A dream come true has landed in my lap. A stunning north Berkeley home with an expansive, beautifully landscaped garden, has been gifted to me as a home base for a month. A month! It was exactly the vision I put out last year, then as part of my personal practice, I completely let it go. I am learning to follow the thread of the Tao, the non-doing, non-planning part of self, and surrender to Life. And honestly, it can still scare me, even when an opportunity for expansion arrives. I feel fear when old conditioned stories arise, or replay old hurt from past hopes, never met. I consider work demands at the practice. Then it dawns on me my son is NOT a garden guy. I think about: the mango tree ready to harvested, the avocado & gardenia need feeding, there are 5 pineapples ripening and may need staking, a saline pool which needs to be monitored, bird feeders to fill, compositing protocols, and all of my hand watered potted plants. Part of me hears, “blah, blah, blah,…” but there is another part that feels like a middle path can be found.

    Musing Centered Expansion

    By healing, I don´t mean problem-solving the details, but Being with the resistance in the body, as details are replayed mentally. Becoming aware of the constant mental worry train without hopping on, and continually surrendering whatever is moving through the body-mind. “Being” capitalized, (or any other word) points towards that state where you are “with” what is. An inner atmosphere of “yes” to whatever life brings; experiencing it, witnessing it, being at peace with it, and a deep Knowing “this too shall pass.”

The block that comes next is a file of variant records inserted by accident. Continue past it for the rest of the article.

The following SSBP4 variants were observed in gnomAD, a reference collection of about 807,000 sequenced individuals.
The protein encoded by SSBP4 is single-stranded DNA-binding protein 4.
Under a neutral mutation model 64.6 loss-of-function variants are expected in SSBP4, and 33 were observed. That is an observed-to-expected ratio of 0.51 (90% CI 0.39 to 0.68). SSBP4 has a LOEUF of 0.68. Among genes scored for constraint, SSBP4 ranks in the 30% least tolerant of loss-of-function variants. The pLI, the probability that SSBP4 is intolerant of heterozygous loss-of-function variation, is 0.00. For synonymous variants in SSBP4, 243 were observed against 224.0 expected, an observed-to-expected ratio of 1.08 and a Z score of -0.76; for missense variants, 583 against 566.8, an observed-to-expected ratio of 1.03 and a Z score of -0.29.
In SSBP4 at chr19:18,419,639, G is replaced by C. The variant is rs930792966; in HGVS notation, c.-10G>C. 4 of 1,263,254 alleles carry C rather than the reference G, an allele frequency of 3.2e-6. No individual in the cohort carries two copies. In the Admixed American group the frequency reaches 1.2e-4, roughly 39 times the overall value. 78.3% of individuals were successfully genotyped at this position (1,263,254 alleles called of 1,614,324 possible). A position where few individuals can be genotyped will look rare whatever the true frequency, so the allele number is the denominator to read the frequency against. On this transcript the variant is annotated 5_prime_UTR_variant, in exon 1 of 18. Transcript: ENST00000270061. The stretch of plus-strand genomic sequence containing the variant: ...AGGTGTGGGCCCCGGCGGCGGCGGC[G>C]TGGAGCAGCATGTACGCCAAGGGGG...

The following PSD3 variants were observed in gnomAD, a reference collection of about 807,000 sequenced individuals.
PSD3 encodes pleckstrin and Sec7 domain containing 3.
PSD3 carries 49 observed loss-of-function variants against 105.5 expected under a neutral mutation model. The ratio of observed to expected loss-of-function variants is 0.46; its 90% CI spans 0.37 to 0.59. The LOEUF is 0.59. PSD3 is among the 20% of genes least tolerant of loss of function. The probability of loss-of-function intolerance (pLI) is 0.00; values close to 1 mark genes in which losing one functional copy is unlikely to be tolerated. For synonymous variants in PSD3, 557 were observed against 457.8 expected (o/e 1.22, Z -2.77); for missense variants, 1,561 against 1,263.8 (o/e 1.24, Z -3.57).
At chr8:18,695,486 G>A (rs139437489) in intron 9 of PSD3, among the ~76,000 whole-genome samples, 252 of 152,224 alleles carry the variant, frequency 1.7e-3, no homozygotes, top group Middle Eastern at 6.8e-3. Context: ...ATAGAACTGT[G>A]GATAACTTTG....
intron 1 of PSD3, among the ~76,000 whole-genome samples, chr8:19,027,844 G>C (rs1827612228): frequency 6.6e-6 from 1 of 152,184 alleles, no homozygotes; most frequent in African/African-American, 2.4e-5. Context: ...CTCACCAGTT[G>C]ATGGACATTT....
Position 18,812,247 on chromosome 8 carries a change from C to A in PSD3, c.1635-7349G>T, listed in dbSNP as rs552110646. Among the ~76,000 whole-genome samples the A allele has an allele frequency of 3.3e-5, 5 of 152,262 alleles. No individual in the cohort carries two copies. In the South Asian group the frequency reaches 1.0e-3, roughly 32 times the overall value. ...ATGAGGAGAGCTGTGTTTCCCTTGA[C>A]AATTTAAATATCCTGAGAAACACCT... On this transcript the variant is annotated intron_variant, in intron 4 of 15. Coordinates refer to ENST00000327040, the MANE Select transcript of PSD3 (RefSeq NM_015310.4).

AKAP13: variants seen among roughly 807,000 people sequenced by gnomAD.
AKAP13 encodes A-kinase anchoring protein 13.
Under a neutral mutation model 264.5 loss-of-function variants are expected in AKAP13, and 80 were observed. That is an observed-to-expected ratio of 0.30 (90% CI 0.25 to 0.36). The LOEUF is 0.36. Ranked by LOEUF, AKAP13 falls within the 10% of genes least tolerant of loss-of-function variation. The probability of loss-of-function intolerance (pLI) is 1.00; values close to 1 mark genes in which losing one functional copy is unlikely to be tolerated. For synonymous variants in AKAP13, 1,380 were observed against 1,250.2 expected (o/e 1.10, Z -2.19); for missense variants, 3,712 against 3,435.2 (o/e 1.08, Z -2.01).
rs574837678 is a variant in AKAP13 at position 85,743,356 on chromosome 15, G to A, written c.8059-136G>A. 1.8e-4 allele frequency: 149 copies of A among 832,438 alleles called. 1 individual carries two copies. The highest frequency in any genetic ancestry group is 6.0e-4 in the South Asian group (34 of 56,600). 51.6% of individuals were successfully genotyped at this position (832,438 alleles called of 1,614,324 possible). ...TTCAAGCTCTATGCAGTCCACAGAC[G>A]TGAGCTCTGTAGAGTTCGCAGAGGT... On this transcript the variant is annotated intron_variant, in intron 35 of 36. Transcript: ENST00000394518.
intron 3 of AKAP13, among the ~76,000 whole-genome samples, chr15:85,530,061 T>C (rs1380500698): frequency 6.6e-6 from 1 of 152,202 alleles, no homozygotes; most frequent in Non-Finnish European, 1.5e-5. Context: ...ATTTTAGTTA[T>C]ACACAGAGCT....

Centered Expansion

    This doesn’t mean there isn’t engagement with arising challenges. And in this case, the challenge is how to be grounded and expansive at the same time. By saying yes to the opportunity, the mind kicks in. Can I trust? Could I be OK with my fruit on the ground? Could I leave my patients who had just returned to the office? What if an early hurricane comes? So, I decide to fully open up to this opportunity, and do the following processes:

    1. Notice and sense what arises in the body-mind
    2. Ground in honoring legitimate concerns
    3. Sit with, and feel, each concern through
    4. Take the action that generates the most peace

    This helps me identify which is a lesson in letting go, or which would be worth opening up to a solution.  I approach it from the razor’s edge of what feels balanced; neither rushing nor avoiding. The barometer of what feels in alignment with the Tao/Center/Witnessing Presence, seems to be Peace.  Expansion often generates resistance. For some, it’s freezing or feeling rooted in place, unable to make a choice. For others, it’s leaping as if the thrill is the only way; then either denying potential issues, or mopping up after the fact. But the Tao is the center between the poles, honoring that expansion and contraction are part of the same cycle. Neither pushing away, nor grasping/clinging.

    Is my choice completely clear? No. So far, I’ve got a plan for the garden and yard to be attended to by dear friends. My son can learn other details. Not sure about anything else yet. I’ve surrendered to taking this one, peaceful decision at a time. With this approach, the heart expands and the gut relaxes. I feel both expanded and grounded. It’ll be interesting to see what shows up next.